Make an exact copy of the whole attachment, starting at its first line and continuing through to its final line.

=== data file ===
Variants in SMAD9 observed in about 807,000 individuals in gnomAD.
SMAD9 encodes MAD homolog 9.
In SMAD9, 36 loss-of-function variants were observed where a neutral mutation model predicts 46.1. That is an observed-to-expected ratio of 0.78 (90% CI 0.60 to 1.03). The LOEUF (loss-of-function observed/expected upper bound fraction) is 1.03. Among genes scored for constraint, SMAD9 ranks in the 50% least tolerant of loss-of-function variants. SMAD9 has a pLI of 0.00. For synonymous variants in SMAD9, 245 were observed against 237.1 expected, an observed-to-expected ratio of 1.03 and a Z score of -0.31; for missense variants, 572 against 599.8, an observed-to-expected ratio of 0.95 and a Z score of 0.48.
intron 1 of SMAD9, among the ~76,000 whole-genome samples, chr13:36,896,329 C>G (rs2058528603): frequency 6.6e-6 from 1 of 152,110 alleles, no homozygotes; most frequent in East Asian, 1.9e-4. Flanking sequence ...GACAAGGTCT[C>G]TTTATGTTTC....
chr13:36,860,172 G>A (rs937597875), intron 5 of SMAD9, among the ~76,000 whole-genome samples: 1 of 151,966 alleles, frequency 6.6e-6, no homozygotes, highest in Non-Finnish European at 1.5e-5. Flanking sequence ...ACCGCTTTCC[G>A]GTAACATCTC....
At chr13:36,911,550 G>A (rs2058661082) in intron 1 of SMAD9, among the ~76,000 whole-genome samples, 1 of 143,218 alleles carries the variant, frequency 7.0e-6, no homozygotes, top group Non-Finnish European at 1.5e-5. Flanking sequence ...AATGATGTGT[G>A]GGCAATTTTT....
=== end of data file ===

Variants in SMAD9 observed in about 807,000 individuals in gnomAD.
SMAD9 encodes MAD homolog 9.
In SMAD9, 36 loss-of-function variants were observed where a neutral mutation model predicts 46.1. That is an observed-to-expected ratio of 0.78 (90% CI 0.60 to 1.03). The LOEUF (loss-of-function observed/expected upper bound fraction) is 1.03. Among genes scored for constraint, SMAD9 ranks in the 50% least tolerant of loss-of-function variants. SMAD9 has a pLI of 0.00. For synonymous variants in SMAD9, 245 were observed against 237.1 expected, an observed-to-expected ratio of 1.03 and a Z score of -0.31; for missense variants, 572 against 599.8, an observed-to-expected ratio of 0.95 and a Z score of 0.48.
intron 1 of SMAD9, among the ~76,000 whole-genome samples, chr13:36,896,329 C>G (rs2058528603): frequency 6.6e-6 from 1 of 152,110 alleles, no homozygotes; most frequent in East Asian, 1.9e-4. Flanking sequence ...GACAAGGTCT[C>G]TTTATGTTTC....
chr13:36,860,172 G>A (rs937597875), intron 5 of SMAD9, among the ~76,000 whole-genome samples: 1 of 151,966 alleles, frequency 6.6e-6, no homozygotes, highest in Non-Finnish European at 1.5e-5. Flanking sequence ...ACCGCTTTCC[G>A]GTAACATCTC....
At chr13:36,911,550 G>A (rs2058661082) in intron 1 of SMAD9, among the ~76,000 whole-genome samples, 1 of 143,218 alleles carries the variant, frequency 7.0e-6, no homozygotes, top group Non-Finnish European at 1.5e-5. Flanking sequence ...AATGATGTGT[G>A]GGCAATTTTT....